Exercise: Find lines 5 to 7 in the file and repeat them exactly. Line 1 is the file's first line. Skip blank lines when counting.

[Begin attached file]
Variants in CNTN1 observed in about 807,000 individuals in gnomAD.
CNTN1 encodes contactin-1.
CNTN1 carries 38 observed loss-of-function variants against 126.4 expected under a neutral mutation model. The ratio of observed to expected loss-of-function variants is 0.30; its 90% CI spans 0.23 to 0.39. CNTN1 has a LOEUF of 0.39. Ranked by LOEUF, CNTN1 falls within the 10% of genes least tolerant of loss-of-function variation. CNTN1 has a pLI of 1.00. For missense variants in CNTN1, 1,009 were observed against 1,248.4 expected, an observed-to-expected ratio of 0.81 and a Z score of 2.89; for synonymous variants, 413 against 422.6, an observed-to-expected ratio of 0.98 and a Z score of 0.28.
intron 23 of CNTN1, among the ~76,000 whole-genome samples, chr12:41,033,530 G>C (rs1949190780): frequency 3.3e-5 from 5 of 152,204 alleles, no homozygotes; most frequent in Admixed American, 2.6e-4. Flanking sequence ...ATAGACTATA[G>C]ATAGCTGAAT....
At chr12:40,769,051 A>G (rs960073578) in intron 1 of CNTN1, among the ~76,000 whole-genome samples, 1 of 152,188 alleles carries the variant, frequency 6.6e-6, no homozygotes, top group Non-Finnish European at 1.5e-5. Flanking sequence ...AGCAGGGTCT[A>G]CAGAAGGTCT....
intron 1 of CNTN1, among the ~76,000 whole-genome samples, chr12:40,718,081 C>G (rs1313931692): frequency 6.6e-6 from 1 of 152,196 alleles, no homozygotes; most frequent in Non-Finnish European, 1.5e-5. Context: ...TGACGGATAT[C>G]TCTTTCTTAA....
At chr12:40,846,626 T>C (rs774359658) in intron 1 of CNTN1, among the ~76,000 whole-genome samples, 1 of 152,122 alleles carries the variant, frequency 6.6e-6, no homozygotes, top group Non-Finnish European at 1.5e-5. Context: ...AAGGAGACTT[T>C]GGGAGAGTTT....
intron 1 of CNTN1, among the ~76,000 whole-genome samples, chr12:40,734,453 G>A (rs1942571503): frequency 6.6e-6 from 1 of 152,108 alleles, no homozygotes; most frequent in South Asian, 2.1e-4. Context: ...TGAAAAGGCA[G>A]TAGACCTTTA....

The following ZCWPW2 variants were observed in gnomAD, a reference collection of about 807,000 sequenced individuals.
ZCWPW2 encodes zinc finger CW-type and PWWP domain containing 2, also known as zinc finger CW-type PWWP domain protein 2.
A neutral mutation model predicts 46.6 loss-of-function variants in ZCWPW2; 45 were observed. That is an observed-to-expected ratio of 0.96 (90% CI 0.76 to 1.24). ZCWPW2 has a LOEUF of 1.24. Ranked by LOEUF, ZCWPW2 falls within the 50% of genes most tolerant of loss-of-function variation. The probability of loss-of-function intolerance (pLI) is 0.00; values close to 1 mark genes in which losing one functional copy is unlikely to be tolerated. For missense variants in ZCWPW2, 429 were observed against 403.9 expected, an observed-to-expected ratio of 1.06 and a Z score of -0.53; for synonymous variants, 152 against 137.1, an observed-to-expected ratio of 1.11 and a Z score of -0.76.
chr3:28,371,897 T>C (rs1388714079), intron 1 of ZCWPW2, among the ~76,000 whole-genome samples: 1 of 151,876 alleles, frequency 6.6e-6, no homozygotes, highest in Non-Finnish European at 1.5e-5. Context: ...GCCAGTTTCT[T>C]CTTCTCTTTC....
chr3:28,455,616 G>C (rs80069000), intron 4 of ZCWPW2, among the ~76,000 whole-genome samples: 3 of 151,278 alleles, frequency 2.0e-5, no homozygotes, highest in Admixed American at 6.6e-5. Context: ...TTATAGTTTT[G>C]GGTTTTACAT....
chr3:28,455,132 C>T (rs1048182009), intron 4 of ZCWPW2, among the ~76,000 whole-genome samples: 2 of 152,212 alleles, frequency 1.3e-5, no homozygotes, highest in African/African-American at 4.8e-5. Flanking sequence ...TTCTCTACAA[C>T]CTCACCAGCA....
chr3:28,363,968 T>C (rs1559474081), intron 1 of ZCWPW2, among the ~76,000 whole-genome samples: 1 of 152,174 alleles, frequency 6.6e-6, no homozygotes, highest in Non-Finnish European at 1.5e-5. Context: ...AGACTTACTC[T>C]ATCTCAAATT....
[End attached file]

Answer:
At chr12:40,769,051 A>G (rs960073578) in intron 1 of CNTN1, among the ~76,000 whole-genome samples, 1 of 152,188 alleles carries the variant, frequency 6.6e-6, no homozygotes, top group Non-Finnish European at 1.5e-5. Flanking sequence ...AGCAGGGTCT[A>G]CAGAAGGTCT....
intron 1 of CNTN1, among the ~76,000 whole-genome samples, chr12:40,718,081 C>G (rs1313931692): frequency 6.6e-6 from 1 of 152,196 alleles, no homozygotes; most frequent in Non-Finnish European, 1.5e-5. Context: ...TGACGGATAT[C>G]TCTTTCTTAA....
At chr12:40,846,626 T>C (rs774359658) in intron 1 of CNTN1, among the ~76,000 whole-genome samples, 1 of 152,122 alleles carries the variant, frequency 6.6e-6, no homozygotes, top group Non-Finnish European at 1.5e-5. Context: ...AAGGAGACTT[T>C]GGGAGAGTTT....